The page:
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Strengthen Your Family with Marital Counseling

Soldiers talking

U.S. Air Force photo/Master Sgt. Lance Cheung

As service members and their spouses face the stressors of multiple deployments, seeking marital counseling both pre- and post-deployment is becoming increasingly common. Separation from a spouse or loved one, coupled with the uncertainties of deployments, may result in additional stress for military families. However, DoD is taking steps to improve access to a continuum of counseling support for married service members and their families, and to inform service members and military families that seeking marital support is a sign of strength.1

How Can Marital Counseling Improve Your Relationship?

Each couple experiences and handles stress differently. Although it’s clear that deployments can be stressful, so can the time before and after deployment. During these times, one or both spouses may experience feelings of sadness, irritability or other emotional distress.2 Also, some may try to handle their distress by withdrawing, picking fights or avoiding difficult discussions. These feelings and behaviors are common for military families throughout the deployment cycle, so don’t put off seeking counseling support if you feel you need it. Addressing concerns before they escalate can help alleviate the pressures of deployment and improve your relationship with your spouse.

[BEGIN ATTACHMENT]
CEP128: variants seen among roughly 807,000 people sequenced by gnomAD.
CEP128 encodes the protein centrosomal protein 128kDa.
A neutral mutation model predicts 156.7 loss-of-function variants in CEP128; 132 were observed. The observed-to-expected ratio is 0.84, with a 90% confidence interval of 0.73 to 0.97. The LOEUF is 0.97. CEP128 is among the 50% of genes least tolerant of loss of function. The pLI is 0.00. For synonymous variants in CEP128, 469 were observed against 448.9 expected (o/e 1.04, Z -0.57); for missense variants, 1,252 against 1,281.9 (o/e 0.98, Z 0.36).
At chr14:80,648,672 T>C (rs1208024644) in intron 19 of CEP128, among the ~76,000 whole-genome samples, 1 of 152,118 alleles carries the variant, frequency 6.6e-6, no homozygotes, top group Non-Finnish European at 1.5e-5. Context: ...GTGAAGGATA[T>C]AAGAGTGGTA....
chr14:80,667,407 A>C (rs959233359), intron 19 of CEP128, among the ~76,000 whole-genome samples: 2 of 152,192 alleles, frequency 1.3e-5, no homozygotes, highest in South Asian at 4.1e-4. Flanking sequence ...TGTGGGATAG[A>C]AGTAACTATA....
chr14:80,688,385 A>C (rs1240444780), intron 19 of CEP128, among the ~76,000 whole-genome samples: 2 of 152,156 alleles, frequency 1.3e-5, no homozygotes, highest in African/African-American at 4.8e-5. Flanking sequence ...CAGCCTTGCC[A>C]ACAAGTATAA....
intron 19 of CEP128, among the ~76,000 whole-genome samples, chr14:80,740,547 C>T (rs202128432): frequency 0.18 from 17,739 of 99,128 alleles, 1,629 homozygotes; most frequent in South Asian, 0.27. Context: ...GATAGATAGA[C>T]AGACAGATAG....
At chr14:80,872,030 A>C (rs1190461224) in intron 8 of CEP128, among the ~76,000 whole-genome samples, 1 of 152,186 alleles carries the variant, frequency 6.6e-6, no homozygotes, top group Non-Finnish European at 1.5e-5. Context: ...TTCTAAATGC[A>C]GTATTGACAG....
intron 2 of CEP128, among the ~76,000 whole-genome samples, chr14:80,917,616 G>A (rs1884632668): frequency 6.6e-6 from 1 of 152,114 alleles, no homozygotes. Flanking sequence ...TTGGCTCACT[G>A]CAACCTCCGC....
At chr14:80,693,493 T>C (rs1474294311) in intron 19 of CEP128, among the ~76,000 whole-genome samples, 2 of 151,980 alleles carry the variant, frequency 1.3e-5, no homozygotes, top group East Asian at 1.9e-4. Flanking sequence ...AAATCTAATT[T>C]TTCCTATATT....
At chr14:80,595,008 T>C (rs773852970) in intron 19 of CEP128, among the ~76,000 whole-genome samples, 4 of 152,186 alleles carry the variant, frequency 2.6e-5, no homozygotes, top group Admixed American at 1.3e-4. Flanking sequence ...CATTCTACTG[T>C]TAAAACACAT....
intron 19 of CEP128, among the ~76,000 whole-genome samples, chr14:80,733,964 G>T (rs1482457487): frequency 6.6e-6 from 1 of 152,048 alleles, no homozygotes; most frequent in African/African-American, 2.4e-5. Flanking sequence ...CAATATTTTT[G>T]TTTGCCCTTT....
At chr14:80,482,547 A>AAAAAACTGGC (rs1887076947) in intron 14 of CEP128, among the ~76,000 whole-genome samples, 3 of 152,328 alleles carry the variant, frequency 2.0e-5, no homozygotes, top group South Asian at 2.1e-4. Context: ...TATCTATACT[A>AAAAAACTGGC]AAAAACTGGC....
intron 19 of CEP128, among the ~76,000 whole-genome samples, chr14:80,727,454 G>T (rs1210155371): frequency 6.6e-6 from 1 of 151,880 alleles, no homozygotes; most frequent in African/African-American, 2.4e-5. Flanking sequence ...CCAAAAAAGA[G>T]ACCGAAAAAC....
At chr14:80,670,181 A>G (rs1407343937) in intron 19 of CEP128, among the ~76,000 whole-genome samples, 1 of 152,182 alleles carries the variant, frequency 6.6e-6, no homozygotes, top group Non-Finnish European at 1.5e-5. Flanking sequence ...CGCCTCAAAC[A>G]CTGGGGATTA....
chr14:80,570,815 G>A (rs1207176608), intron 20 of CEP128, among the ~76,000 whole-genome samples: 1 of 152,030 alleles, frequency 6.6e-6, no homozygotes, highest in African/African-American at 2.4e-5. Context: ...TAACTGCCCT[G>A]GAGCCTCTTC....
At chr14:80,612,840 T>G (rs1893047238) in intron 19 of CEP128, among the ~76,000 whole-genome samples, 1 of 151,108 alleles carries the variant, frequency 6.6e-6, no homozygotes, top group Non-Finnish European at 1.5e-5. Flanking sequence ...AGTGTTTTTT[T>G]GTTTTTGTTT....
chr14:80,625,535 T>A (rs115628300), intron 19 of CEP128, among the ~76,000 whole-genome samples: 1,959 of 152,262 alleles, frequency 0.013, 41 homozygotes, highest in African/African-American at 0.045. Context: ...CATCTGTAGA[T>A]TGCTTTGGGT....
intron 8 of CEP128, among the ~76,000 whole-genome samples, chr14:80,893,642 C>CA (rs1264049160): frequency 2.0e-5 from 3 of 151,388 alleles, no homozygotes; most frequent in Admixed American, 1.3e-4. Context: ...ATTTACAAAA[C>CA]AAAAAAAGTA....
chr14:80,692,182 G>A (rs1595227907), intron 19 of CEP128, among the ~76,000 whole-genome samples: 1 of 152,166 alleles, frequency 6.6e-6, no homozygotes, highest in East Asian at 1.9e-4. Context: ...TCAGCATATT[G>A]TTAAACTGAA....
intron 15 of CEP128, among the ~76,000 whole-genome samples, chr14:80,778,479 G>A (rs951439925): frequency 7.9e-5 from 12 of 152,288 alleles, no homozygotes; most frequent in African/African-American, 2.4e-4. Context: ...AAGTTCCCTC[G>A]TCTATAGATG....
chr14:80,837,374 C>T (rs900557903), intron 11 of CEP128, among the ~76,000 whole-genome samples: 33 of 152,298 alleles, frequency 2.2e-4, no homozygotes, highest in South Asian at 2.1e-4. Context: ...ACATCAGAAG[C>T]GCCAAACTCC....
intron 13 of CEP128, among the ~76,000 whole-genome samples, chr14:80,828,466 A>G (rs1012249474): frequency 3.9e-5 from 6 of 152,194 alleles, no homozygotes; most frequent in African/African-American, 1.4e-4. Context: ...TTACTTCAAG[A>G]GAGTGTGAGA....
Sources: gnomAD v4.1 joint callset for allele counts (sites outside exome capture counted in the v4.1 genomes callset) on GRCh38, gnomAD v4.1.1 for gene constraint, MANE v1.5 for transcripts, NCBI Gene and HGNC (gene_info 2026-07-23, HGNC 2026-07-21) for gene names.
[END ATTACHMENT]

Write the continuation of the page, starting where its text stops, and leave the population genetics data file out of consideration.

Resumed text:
Understanding the Two Types of Available Counseling

Two types of counseling are available to service members and military spouses who are experiencing increased stress:

  1. Non-medical counseling is designed to address everyday concerns, such as improving relationships at home and at work, stress management, anger management, adjustment after deployment, parenting and grief issues. Non-medical counseling is generally a short-term, problem-solving approach to enhance military family readiness.

  2. Medical counseling is designed to assist with long-term issues, such as drug and alcohol abuse, psychological concerns, post-traumatic stress disorder, traumatic brain injury, child or spousal abuse, suicidal ideation or other psychological issues that adversely affect a marriage.